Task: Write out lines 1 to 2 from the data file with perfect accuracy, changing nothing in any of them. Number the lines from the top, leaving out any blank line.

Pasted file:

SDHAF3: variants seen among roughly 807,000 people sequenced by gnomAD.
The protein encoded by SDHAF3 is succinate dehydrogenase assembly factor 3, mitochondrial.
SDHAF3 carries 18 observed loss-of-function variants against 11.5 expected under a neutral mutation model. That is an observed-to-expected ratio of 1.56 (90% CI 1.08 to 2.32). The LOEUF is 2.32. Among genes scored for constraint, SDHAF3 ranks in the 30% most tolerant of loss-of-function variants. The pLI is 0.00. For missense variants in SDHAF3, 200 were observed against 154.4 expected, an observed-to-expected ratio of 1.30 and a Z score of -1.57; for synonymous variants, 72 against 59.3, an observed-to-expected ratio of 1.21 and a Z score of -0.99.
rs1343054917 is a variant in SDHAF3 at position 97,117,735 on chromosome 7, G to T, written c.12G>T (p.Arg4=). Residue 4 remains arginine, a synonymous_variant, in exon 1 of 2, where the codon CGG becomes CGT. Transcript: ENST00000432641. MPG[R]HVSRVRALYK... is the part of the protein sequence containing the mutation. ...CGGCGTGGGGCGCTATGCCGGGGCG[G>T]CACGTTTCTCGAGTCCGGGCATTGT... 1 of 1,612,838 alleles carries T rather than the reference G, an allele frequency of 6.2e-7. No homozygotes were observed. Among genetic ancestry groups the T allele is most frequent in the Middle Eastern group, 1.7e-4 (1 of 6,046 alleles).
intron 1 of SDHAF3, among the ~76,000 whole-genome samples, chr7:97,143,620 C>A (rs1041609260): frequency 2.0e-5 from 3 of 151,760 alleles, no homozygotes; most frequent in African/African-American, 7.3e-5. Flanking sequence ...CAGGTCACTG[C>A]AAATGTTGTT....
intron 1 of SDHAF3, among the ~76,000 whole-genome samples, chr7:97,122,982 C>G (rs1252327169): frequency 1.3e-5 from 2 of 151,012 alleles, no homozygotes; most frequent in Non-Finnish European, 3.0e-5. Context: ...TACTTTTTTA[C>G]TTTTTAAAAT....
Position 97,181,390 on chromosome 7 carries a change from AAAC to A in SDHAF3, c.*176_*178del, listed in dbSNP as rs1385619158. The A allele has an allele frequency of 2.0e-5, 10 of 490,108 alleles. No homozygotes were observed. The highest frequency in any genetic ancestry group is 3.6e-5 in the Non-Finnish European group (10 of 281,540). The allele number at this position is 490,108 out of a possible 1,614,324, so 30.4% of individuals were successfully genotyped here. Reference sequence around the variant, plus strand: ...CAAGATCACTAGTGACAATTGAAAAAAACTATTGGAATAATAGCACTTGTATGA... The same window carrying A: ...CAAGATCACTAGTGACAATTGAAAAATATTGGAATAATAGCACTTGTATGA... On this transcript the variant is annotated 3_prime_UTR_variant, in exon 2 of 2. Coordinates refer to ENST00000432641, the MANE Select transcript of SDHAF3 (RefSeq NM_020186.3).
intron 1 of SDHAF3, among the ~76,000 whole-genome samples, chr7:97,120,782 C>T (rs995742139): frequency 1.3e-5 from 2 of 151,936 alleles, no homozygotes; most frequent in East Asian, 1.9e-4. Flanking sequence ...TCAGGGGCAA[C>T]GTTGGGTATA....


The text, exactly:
SDHAF3: variants seen among roughly 807,000 people sequenced by gnomAD.
The protein encoded by SDHAF3 is succinate dehydrogenase assembly factor 3, mitochondrial.